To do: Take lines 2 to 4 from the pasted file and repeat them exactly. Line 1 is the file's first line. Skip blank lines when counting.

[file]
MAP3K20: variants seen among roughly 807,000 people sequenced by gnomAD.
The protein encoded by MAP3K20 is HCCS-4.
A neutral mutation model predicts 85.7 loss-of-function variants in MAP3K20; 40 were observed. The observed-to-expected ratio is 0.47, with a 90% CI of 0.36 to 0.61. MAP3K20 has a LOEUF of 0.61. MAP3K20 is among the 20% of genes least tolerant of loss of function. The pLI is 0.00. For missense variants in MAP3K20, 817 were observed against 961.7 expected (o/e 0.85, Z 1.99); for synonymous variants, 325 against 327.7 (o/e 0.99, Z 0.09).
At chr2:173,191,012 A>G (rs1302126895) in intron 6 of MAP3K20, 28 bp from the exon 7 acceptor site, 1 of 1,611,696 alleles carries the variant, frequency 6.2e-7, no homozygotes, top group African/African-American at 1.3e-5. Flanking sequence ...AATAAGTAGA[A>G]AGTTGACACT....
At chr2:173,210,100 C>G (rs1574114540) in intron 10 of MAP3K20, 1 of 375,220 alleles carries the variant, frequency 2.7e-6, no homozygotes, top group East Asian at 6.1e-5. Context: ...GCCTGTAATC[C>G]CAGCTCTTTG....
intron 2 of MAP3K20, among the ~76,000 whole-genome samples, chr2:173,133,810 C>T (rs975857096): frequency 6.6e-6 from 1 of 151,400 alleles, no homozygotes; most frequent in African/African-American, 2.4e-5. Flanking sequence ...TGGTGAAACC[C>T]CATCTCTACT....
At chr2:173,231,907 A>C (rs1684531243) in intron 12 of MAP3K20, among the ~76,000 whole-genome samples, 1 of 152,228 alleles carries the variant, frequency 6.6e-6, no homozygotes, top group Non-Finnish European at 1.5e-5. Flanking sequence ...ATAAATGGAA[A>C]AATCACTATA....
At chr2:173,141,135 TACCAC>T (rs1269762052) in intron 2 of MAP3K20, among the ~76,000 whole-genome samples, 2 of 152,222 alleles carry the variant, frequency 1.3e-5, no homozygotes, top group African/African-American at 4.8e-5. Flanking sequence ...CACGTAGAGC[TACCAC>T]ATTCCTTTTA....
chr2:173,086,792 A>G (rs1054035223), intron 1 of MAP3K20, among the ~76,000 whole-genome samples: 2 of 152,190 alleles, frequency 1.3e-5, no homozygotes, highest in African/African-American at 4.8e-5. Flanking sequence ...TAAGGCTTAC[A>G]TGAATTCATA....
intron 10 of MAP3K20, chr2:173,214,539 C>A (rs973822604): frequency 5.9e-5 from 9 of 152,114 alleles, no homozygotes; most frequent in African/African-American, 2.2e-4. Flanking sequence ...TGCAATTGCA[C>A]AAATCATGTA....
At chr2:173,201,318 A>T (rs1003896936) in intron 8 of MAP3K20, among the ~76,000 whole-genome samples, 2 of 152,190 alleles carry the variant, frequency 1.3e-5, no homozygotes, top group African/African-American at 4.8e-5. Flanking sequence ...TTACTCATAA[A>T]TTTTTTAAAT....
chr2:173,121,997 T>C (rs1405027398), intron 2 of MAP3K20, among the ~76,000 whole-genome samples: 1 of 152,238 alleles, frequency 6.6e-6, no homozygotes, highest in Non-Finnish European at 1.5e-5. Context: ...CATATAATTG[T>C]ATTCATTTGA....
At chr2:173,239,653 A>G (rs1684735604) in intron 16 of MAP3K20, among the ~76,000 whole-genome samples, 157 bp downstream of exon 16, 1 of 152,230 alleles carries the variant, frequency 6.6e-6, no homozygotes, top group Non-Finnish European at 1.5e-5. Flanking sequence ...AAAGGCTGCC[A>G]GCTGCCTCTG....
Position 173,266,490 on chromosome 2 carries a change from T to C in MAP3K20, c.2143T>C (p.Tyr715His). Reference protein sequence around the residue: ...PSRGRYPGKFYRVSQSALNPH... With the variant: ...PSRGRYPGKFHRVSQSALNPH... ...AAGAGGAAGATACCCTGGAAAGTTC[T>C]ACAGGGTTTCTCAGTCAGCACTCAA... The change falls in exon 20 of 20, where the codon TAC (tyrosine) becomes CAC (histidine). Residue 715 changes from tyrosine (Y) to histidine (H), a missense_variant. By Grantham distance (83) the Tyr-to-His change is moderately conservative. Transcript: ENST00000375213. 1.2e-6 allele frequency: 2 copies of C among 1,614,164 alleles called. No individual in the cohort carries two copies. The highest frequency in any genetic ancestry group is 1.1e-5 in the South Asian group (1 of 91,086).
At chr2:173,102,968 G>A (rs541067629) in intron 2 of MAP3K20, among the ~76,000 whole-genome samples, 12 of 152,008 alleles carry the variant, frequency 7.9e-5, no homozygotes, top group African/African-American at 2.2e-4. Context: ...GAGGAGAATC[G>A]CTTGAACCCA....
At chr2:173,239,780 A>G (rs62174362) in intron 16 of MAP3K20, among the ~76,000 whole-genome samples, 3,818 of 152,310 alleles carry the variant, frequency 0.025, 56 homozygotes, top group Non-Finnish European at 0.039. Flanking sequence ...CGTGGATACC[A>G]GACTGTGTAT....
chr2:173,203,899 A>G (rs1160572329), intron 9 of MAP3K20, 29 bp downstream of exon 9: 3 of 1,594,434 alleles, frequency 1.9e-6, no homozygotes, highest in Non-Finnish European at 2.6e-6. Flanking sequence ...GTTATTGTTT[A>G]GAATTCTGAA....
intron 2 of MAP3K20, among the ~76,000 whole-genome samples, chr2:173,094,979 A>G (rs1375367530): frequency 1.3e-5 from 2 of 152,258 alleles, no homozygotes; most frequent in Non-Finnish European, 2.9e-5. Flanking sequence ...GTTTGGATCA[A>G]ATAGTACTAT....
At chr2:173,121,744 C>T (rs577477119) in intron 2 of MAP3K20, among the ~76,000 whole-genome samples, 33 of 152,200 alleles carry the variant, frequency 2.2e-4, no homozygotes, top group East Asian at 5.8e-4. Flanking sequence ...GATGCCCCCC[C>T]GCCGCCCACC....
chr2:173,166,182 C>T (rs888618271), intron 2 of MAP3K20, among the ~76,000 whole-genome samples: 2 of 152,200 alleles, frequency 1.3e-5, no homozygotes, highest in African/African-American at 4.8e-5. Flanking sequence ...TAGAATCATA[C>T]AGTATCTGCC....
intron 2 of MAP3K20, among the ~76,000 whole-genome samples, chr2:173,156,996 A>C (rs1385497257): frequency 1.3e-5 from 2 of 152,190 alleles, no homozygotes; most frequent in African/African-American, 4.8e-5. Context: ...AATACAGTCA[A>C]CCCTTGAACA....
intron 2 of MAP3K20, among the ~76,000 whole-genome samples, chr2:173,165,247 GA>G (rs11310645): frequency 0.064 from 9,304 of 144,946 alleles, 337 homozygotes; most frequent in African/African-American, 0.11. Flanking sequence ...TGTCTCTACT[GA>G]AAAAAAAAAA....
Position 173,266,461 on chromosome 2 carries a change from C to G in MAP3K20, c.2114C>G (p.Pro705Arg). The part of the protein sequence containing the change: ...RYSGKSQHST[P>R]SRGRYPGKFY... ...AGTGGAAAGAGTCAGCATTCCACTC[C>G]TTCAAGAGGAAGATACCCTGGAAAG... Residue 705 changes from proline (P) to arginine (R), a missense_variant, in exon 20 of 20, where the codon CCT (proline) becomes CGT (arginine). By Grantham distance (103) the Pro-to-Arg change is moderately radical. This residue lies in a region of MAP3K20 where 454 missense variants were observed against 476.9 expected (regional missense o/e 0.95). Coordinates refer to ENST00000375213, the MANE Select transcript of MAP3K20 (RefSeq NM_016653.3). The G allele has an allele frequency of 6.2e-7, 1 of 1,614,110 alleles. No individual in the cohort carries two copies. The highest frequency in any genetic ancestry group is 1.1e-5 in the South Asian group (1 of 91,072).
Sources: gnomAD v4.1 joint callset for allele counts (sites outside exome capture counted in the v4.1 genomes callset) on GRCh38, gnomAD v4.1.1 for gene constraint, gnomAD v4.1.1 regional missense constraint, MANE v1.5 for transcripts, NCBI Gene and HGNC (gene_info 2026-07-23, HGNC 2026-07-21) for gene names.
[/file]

The protein encoded by MAP3K20 is HCCS-4.
A neutral mutation model predicts 85.7 loss-of-function variants in MAP3K20; 40 were observed. The observed-to-expected ratio is 0.47, with a 90% CI of 0.36 to 0.61. MAP3K20 has a LOEUF of 0.61. MAP3K20 is among the 20% of genes least tolerant of loss of function. The pLI is 0.00. For missense variants in MAP3K20, 817 were observed against 961.7 expected (o/e 0.85, Z 1.99); for synonymous variants, 325 against 327.7 (o/e 0.99, Z 0.09).
At chr2:173,191,012 A>G (rs1302126895) in intron 6 of MAP3K20, 28 bp from the exon 7 acceptor site, 1 of 1,611,696 alleles carries the variant, frequency 6.2e-7, no homozygotes, top group African/African-American at 1.3e-5. Flanking sequence ...AATAAGTAGA[A>G]AGTTGACACT....